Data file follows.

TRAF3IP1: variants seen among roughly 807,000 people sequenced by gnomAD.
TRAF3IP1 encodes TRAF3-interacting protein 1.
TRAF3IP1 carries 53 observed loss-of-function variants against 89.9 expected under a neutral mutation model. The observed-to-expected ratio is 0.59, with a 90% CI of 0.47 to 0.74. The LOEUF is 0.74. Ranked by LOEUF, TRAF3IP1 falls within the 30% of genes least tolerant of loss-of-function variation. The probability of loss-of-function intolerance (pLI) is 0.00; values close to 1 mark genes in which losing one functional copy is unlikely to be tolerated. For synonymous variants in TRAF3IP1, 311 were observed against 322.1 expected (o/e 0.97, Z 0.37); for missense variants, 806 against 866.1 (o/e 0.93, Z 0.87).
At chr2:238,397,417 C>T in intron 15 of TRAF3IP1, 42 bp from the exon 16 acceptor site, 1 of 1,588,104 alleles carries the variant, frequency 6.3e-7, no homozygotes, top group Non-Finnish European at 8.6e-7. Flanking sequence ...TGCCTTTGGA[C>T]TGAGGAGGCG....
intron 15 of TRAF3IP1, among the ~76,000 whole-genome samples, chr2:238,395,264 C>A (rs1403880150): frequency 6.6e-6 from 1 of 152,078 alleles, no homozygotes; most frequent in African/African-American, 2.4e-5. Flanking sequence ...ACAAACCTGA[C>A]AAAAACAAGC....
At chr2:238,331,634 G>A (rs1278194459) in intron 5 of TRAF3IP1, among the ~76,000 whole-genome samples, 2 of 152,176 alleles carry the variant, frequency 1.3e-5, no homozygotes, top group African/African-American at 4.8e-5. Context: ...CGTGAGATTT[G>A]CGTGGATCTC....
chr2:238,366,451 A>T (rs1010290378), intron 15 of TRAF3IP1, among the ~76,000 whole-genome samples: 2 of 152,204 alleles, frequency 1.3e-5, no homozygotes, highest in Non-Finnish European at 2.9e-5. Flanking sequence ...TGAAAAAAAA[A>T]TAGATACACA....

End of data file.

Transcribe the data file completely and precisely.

TRAF3IP1: variants seen among roughly 807,000 people sequenced by gnomAD.
TRAF3IP1 encodes TRAF3-interacting protein 1.
TRAF3IP1 carries 53 observed loss-of-function variants against 89.9 expected under a neutral mutation model. The observed-to-expected ratio is 0.59, with a 90% CI of 0.47 to 0.74. The LOEUF is 0.74. Ranked by LOEUF, TRAF3IP1 falls within the 30% of genes least tolerant of loss-of-function variation. The probability of loss-of-function intolerance (pLI) is 0.00; values close to 1 mark genes in which losing one functional copy is unlikely to be tolerated. For synonymous variants in TRAF3IP1, 311 were observed against 322.1 expected (o/e 0.97, Z 0.37); for missense variants, 806 against 866.1 (o/e 0.93, Z 0.87).
At chr2:238,397,417 C>T in intron 15 of TRAF3IP1, 42 bp from the exon 16 acceptor site, 1 of 1,588,104 alleles carries the variant, frequency 6.3e-7, no homozygotes, top group Non-Finnish European at 8.6e-7. Flanking sequence ...TGCCTTTGGA[C>T]TGAGGAGGCG....
intron 15 of TRAF3IP1, among the ~76,000 whole-genome samples, chr2:238,395,264 C>A (rs1403880150): frequency 6.6e-6 from 1 of 152,078 alleles, no homozygotes; most frequent in African/African-American, 2.4e-5. Flanking sequence ...ACAAACCTGA[C>A]AAAAACAAGC....
At chr2:238,331,634 G>A (rs1278194459) in intron 5 of TRAF3IP1, among the ~76,000 whole-genome samples, 2 of 152,176 alleles carry the variant, frequency 1.3e-5, no homozygotes, top group African/African-American at 4.8e-5. Context: ...CGTGAGATTT[G>A]CGTGGATCTC....
chr2:238,366,451 A>T (rs1010290378), intron 15 of TRAF3IP1, among the ~76,000 whole-genome samples: 2 of 152,204 alleles, frequency 1.3e-5, no homozygotes, highest in Non-Finnish European at 2.9e-5. Flanking sequence ...TGAAAAAAAA[A>T]TAGATACACA....